Where the Wild Things Are

"The American black bear is the smallest of the three bears species found in North America, and are found only in North America. Black bears have short, non-retractable claws that give them an excellent tree-climbing ability...

Height: 2-3 feet at shoulders
Length: 4-7 feet from nose to tip of tail
Weight: Males weigh an average of 150-300 lbs. Have been known to weigh from 500-600 lbs.; females are smaller
Lifespan: Can live 20-25 years in the wild, although there is increased mortality around 10 years of age..."

Wanted some information about the American black bear, so I did some reading at the Defenders of Wildlife page. For more info, click here.

Why, you ask, did I do reading on the American black bear?

Well, dear readers, the Farm has a returning visitor who likes to climb into our dumpster and pull bags of garbage out and into the woods. Yes, it is a black bear.

The bear has been spotted by various farmers and after repeatedly hearing about these sightings, I was 'a wishing and 'a hoping and a praying' that I could see the bear too. I got my wish a week and a half ago.

I was taking my houses' trash to the dumpster, had gotten out of the car and was walking to my trunk to get the bag out when my friends shouted, "BEAR!!" And let me tell you what, I have NEVER run with an intensity and a fear like I know I did then.

I ran about 30 yards from my car before I was able to get ahold of myself and think clearly. The first thought into my head was, "If I run it will chase me. Stand still." So, I slowly turned around. Seeing nothing I decided to play "brave" and get the stinky bag of trash out of my car (after getting my friends to stand a little closer to me), opened the dumpster and threw the bag in and as the lid slammed shut, the bear, WHO WAS HIDING BEHIND THE DUMPSTER!! turned tail and ran into the woods.

And I ran in the opposite direction!

I did not get a clear view of the bear that time, so we (by this time we had been joined by a handful of farmers, including farm children) walked around to the trail--that went into the woods near where the bear ran in--and were able to see the bear's ass as it marched away--trashless.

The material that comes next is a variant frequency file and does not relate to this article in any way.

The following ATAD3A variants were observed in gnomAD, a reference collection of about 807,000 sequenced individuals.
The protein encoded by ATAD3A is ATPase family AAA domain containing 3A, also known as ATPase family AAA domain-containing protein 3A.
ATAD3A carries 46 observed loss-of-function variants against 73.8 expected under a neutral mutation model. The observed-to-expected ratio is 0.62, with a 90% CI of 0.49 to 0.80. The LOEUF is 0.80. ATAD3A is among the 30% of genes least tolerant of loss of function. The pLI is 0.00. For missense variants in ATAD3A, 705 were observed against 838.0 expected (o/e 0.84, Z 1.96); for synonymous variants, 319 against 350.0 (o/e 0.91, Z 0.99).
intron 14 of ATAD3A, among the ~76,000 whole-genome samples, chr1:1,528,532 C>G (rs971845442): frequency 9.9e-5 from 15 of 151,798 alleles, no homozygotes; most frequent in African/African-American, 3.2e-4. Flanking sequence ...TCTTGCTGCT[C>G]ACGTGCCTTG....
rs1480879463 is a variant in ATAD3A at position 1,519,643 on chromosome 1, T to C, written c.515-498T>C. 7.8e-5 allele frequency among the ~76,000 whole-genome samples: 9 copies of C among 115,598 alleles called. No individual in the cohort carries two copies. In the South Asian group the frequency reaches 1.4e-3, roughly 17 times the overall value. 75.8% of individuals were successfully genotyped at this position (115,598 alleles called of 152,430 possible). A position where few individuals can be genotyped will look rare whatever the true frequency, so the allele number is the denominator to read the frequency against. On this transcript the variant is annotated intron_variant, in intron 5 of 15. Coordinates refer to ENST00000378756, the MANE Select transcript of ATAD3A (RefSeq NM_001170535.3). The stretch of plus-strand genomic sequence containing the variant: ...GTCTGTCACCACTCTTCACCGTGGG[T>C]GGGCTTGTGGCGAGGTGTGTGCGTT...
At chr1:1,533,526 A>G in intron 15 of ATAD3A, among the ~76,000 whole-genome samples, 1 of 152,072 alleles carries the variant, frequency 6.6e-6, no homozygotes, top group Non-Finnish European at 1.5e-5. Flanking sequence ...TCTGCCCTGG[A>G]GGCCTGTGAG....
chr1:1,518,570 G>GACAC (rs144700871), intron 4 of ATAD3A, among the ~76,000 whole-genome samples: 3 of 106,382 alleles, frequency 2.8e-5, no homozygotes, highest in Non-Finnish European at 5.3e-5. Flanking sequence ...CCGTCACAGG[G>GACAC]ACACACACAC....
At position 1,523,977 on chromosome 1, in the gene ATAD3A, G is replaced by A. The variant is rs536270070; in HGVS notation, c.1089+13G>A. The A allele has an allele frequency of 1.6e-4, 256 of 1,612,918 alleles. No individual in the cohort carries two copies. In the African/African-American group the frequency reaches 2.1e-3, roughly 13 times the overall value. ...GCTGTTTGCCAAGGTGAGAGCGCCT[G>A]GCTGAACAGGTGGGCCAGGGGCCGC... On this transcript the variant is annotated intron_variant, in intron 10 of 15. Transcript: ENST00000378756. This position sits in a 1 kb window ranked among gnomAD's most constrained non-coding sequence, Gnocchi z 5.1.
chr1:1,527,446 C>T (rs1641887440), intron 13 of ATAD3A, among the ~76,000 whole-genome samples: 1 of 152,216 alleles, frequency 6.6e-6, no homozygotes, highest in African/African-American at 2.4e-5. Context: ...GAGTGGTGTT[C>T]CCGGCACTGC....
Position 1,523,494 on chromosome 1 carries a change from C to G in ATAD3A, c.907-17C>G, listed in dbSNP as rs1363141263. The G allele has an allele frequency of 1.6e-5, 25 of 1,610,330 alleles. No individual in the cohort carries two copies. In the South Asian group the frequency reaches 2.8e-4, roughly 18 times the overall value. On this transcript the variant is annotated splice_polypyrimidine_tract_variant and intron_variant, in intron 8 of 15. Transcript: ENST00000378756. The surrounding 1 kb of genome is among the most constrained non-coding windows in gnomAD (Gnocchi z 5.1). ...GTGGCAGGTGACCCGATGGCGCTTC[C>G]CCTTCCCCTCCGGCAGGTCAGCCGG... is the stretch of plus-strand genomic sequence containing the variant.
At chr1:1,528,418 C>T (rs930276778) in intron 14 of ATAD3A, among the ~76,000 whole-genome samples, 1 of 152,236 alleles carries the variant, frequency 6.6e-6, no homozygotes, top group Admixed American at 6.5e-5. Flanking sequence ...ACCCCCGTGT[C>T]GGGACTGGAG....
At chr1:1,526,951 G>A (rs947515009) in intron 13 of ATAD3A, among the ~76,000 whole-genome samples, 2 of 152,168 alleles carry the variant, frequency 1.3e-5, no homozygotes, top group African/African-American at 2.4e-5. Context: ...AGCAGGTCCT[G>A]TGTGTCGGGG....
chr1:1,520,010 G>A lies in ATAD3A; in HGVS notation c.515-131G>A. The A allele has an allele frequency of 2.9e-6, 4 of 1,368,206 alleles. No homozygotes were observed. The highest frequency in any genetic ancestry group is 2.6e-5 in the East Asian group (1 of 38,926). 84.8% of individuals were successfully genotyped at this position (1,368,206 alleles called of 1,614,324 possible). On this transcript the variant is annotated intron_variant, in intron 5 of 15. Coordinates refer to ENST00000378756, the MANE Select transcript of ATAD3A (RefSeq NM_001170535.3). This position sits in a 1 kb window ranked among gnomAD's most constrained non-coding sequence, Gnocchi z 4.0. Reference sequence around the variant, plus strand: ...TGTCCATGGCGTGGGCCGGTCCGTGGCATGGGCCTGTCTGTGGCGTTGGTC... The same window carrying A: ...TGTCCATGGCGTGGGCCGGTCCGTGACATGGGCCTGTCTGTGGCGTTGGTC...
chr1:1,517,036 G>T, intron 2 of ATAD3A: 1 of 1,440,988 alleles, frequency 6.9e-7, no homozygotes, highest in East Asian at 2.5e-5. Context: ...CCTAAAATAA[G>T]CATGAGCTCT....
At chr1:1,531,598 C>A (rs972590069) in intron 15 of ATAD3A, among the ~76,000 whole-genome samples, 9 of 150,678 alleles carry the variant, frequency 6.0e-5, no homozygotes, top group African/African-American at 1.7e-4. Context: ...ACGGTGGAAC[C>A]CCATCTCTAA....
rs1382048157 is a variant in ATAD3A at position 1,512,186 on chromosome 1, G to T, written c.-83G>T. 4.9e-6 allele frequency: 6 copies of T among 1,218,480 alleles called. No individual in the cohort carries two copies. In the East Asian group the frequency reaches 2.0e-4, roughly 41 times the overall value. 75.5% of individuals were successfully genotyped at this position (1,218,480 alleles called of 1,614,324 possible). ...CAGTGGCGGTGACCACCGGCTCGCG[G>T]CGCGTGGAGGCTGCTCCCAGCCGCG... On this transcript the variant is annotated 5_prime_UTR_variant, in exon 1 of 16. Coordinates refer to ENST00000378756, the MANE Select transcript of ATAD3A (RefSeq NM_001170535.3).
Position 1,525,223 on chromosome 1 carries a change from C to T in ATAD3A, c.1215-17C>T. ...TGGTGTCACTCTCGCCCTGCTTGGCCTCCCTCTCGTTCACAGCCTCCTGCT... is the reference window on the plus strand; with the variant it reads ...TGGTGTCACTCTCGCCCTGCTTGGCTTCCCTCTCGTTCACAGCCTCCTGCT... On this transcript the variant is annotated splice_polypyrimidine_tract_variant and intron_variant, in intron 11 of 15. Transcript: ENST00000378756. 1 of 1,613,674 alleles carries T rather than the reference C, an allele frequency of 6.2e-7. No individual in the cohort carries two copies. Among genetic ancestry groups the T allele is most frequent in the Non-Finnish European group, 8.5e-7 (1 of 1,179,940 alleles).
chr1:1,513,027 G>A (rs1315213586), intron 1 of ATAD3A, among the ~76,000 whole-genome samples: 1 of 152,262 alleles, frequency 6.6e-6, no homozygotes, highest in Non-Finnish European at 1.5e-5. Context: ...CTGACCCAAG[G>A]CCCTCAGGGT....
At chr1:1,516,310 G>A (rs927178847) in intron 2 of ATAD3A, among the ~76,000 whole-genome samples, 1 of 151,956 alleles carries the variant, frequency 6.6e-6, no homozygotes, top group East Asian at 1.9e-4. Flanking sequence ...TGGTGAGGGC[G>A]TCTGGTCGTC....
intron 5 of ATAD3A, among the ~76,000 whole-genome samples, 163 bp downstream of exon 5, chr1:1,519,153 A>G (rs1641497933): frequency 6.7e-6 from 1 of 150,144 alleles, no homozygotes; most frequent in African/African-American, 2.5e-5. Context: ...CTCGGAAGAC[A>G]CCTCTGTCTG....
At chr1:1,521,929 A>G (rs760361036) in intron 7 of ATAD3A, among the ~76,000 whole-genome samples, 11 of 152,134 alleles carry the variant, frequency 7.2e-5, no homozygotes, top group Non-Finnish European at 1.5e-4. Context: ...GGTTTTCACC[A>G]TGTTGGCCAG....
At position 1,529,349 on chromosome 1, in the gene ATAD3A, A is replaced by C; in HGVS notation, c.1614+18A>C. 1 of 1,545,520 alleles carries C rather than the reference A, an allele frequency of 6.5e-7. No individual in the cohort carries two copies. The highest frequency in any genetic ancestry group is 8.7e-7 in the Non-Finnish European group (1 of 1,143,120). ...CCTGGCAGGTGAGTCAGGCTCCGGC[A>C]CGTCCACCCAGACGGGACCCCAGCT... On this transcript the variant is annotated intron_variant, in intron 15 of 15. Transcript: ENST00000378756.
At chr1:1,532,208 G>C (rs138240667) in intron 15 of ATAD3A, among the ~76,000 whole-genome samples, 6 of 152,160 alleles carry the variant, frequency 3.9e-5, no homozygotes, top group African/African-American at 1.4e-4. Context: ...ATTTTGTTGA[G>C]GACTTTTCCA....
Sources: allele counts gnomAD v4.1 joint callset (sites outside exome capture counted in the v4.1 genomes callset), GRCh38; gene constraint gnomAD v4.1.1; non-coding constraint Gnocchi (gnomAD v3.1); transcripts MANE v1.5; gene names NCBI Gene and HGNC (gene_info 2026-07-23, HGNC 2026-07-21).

Yep. I saw the bear's ass.

My experience left me wondering if this was the same bear that I had seen outside of one of the cabins summer 2006...? Especially after reading the facts about how long bears can live. The experience also left me marveling these majestic creatures. While my first instinct was fear (followed by my second instinct, which was curiosity), I knew that the bear was relatively harmless. Harmless in the sense that like the age old adage my parents used to use, "that bear is probably more afraid of you than you are of it!" And that seemed true. It was him running into the woods in fear when he heard the dumpster close. The wildlife around here seem to have little more than a slight curiosity about their human neighbors and really just want to be left alone.

But living the National Geographic-esque life didn't stop there. The next morning on our way to the airport TSO, CJ and I spotted another bear crossing the street in front of my car. Then on the way home from the airport I spotted a porcupine and a red fox. I feel like I am living in an Animal Planet special some days. My life is so great.


tizzy said…
Yay for Bears! I will always have a certain receptionist to thank for leaving her bird feeders out overnight for a 5am feasting by one of the crazy critters. I was scared to look out the window when there was glass between us... Sounds like you were pretty brave!

Popular posts from this blog

from a tin forest to the story of two mice

sample retirement acceptance letter